Tuesday, January 24, 2012

Salmon Duo - Salmon Tartare and Pan Fried Salmon with Wine Apples, A Special Lunar New Year Dish

A very happy Lunar New Year to everyone! Wow, 2011 has certainly passed by very fast, and this year, I decided to cook for my wife's family reunion dinner.

Pauline's mum has recently been very keen to taste my food, and usually she has always been the one doing all the heavy lifting during reunion dinner time.

This year, Pauline and I decided that she should take it easy and instead, enjoy an Oriental menu prepared by Pauline and myself. Still, she did insist on doing a shark's fin soup.

Incidentally, we have decided that this would be the last time we consume shark's fin, as we also want to get it on the act of preventing cruelty to animals. If you have the time, go youtube and see any of the videos on the cruelty to sharks and you would be inclined to agree.

On to our reunion dinner, we had a sumptuous 5 course of shark's fin, salmon tartare, crispy angel hair with king prawns, abalone and scallops in a superior broth and baked chicken drumsticks with a tomato and basil sauce.

And my mum-in-law's verdict? Well, she's biased and loved every dish, but she did single out the salmon tartare as her favorite, and what's more, she has never liked raw sashimi before, so this was indeed a surprise.

And so, I have decided to share with you this duo of salmon dish which you can whip up easily at home for your family.

For the pan fried salmon, simply season both sides of the fillet with salt and pepper, and fry it in a pan, turning only once. It should be around 2 minutes each side, or flip when the fish is cooked about 2 thirds up.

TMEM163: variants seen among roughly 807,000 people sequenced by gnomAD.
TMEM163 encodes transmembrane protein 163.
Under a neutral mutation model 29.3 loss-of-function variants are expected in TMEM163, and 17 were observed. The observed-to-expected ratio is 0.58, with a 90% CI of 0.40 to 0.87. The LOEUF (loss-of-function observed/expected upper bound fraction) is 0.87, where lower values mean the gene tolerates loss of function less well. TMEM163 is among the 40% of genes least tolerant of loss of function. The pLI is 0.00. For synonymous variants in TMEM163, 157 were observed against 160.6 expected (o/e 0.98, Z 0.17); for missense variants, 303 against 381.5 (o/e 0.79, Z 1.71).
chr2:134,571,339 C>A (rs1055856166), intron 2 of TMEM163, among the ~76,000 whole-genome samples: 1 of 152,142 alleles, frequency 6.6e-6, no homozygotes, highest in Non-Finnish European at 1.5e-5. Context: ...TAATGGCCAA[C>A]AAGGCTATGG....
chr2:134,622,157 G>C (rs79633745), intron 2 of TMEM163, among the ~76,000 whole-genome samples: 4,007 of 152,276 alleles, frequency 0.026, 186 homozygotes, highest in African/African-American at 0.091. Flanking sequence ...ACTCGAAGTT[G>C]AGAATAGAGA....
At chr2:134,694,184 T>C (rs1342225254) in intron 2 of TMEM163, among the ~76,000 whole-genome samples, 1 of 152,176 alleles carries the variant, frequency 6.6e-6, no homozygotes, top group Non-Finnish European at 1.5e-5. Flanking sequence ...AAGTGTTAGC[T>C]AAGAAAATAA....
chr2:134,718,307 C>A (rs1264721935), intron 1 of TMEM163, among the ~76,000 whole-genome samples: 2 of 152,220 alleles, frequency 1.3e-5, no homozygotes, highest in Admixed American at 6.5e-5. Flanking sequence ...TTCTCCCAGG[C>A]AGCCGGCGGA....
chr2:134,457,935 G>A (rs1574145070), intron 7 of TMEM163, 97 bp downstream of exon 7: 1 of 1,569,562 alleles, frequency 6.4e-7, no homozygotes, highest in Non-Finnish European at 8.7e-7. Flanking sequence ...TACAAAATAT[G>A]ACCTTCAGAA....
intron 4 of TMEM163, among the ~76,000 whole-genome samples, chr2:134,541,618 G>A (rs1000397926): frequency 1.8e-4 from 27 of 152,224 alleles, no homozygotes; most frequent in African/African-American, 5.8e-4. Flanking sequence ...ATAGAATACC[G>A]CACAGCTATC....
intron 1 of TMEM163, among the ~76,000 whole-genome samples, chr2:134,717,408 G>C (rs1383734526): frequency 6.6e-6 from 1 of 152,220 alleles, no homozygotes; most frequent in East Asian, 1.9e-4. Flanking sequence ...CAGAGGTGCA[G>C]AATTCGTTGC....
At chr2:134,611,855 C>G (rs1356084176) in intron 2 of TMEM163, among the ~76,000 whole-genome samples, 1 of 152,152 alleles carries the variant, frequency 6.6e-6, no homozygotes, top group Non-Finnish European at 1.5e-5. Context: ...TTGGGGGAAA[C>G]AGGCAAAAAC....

Set it aside. In a fresh pan, add a knob of butter to saute the sliced apples and once the apples start to get soft, add in white wine to let the apples bathe in. Once the wine is reduced by half, the sauce should get somewhat syrupy and remove from heat.

For the tartare, you can prepare way in advance as it involves no cooking at all. And for this, I prefer to use a skinless salmon fillet as it eases the problem of removing the skin at home.

Cut it into very short slices, about 1cm long and very thinly sliced. For one full fillet, use one whole shallot and dice the shallot very finely.

Next to, dice very finely some spring onion as well and half a lemon. You are ready to mix the tartare now.

In a bowl, add in the salmon, shallots and spring onion. Squeeze the half lemon, and be careful to remove any seeds that may fall into the mixture.

Add in some extra virgin olive oil, enough soy sauce to give it a savory balance and add enough black pepper for seasoning and taste.

Mix everything thoroughly and adjust the seasoning by having a taste or two. In a while, the salmon will start to change color as the acid from the lemon and the shallots will somewhat "cook" the fish.

To plate, simply use a flat dish and plate the tartare on one side and add in some additional spring onion for garnishing. Plate the wine apples on the other side and lay the pan cooked salmon on top.

This is a very suitable dish for an appetizer, or even a mains. But for me, the tartare is also my version of yu sheng, or raw fish salad that is usually eaten before the start of a Lunar New Year meal.

Pauline did comment that my tartare did have much more fish that the average yu sheng, and or it should. Try this at home as it is really very easy to do, and it is still yu sheng eating time!

Gong Xi Fa Cai! from the Silver Chef.